Winning Texas hold’em Strategy – Play After the Flop

Play after the flop is crucial to your success at Texas hold’em. The flop is hugely important because the value of the hands can change dramatically. A good hand before the flop can become worthless after the flop. After the flop you should togel singapore recognize if you are the favorite or just an also-ran. If you call or raise when you don’t have a strong hand, you are throwing money away.

When you see the flop, you have seen more than 70% of the cards that will be available to you to put together a winning hand. If the flop doesn’t mesh with your two pocket cards, fold. Stay in only if the flop improves your hand. If the flop gives you straight or a flush or a chance at flush draw or an outside straight draw, stay in if the pot is large or figures to get large. Stay in if you have top pair or better. Stay in with a pocket pair higher than any card on the board. If your hand doesn’t meet these criteria, check or fold.

Let’s look at the case where the flop you see is the flop of your dreams. The two sevens in the flop fit in beautifully with the pocket sevens you were dealt. Or the three diamonds of the flop complement perfectly the ace-ten of diamonds that you hold. Before we go any further, here’s a true story. I held the ace-ten of diamonds and the flop came up with three diamonds. I bet it to the hilt. Unfortunately the board paired on the river, and I lost to a full house. Ouch. It won’t happen often that the flop is good to you, but when it is what should you do? Give your opponents every opportunity to get a good hand but not one that will beat yours. Never give them a free card that could give them a better hand than yours. Analyze the betting and the flop and make an educated guess as to what cards your opponents hold, and then bet accordingly.

What should you do with a good hand, say ace-king off suit, when the flop comes up with neither an ace nor a king? These are the hardest hands to play since they are in a gray area. They’re not good enough to automatically keep you in the game, and yet they’re not so bad that you should feel pressure to fold. If both your cards are higher than the cards on the board and the betting is weak, you should consider staying in. If there’s a raise in front of you, fold. Good players know exactly when to bluff. When do they bluff? Hardly ever. Of course if you never bluff and your opponents catch on, they have valuable information to be used against you. On the other hand if you bluff all the time, you will end up losing a lot of money. The good player learns the happy medium between never bluffing and bluffing too much. Newbies, weak players, and poor players invariably bluff too much especially at low limit games because it costs so little to stay in. This is usually a big mistake and ends up costing you money. The object is to keep the opponents guessing so they will guess wrong most of the time. Properly done, bluffing will win some pots you should have lost, and win more money in the pots where you have the best hand. Pick up clues from your opponents play, and if you are certain someone has a better hand, fold. Especially at low stakes games2, fold often if your object is to win and not just have a good time. The way to win at Texas hold’em is to have patience and wait until you have a strong hand or pounce on an opponent when he makes a mistake. You will only play three or four hands in an hour, but you will be more likely to win.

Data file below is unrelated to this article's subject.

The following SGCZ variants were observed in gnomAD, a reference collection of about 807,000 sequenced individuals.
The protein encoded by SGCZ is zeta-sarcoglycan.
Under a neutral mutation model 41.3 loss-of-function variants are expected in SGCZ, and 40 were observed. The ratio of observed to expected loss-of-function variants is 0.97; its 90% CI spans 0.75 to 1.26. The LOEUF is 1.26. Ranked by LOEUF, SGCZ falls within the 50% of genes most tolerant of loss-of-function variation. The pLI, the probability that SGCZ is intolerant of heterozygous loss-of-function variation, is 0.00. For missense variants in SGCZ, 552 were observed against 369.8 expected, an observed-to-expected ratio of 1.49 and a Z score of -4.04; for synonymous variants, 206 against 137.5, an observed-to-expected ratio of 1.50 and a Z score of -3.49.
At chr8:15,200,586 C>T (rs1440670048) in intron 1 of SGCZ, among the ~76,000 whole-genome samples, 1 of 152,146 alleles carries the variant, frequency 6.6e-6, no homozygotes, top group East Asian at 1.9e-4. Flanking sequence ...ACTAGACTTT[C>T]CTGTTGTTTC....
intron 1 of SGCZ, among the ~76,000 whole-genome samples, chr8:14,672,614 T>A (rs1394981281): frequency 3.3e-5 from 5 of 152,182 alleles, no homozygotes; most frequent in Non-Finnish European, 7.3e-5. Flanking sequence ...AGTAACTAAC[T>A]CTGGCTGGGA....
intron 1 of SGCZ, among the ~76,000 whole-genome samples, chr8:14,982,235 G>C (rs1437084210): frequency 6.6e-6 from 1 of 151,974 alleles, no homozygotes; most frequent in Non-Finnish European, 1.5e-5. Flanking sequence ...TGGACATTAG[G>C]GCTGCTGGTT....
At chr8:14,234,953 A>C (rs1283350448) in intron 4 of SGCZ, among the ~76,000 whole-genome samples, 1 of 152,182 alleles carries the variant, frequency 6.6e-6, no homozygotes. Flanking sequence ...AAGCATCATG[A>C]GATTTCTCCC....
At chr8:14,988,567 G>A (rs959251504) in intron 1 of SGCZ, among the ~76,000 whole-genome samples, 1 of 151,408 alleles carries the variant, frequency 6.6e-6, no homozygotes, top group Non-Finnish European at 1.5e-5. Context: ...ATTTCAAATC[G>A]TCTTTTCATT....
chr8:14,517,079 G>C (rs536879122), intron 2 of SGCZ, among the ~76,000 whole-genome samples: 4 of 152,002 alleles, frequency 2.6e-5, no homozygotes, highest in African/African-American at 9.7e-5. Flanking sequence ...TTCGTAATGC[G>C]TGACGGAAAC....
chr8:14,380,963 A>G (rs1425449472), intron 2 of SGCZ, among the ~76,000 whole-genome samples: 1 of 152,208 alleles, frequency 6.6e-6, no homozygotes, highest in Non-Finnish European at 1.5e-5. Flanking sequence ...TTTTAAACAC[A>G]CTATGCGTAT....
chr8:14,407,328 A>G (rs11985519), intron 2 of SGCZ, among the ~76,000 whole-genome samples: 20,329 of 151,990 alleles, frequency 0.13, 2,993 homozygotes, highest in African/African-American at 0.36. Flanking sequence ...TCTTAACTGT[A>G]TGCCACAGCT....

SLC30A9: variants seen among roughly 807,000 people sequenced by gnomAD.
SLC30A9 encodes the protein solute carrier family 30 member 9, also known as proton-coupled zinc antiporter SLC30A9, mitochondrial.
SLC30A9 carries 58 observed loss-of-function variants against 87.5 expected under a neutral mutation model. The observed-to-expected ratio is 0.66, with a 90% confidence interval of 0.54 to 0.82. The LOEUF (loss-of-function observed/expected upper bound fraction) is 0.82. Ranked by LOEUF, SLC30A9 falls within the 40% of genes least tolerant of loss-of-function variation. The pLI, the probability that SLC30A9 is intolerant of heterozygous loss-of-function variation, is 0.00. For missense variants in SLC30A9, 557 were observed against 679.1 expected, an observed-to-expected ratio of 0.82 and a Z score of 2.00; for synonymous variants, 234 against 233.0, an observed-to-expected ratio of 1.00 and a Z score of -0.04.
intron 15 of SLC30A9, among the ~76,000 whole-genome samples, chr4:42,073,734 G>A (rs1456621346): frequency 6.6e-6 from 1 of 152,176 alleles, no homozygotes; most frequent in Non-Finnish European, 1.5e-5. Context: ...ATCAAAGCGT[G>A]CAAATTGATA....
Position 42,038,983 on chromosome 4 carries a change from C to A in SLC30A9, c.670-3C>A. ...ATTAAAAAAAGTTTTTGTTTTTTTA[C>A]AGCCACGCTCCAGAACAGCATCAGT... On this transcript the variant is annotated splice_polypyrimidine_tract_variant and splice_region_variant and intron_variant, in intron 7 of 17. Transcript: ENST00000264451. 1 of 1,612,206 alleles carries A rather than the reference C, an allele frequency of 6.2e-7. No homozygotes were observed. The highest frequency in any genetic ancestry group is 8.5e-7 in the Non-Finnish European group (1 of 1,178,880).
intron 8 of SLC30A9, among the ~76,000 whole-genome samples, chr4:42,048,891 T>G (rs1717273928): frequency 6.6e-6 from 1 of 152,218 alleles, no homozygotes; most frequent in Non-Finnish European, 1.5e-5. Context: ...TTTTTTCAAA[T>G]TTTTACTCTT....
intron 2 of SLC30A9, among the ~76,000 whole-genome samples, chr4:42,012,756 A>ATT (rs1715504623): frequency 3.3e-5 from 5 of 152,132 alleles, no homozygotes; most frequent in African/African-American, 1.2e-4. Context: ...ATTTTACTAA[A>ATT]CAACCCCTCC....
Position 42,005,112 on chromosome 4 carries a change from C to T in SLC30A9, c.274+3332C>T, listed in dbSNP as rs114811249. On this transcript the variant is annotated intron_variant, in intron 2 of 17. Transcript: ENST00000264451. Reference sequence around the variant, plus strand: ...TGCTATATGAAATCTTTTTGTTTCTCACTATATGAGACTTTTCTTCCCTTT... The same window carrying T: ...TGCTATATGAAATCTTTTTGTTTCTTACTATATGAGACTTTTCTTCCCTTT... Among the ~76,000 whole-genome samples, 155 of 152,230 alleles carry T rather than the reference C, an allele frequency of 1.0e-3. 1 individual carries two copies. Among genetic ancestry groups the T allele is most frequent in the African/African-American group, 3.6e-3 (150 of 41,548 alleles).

When you are not playing, observe your opponents. Pick up clues about the style of each of your opponents. Some players will call with any hand at all. Some players are very conservative and only play when they have a very good chance of winning. After an hour of play, you should have a good “read” on the others at the table.

About bluffing. In a low stakes game, don’t bluff often. If you do, others will observe your play, and your bluff will be called all the time. Maybe one out of ten hands you play is the right amount of bluffing. On the other hand, don’t make the mistake of never bluffing; you will be giving away too much information to your opponents. Watch for opponents who never bluff. By their betting you will have a good idea of what kind of hand they hold.

Texas hold’em is a positional game. An element of how you bet depends on whether you have to bet early or others have to bet before you do. If you are in an early position, only bet with the twenty best hands. As more and more players bet before you do, you can ease up on the requirements to bet, however, if there is a raise before you bet, only call with the twenty best hands.

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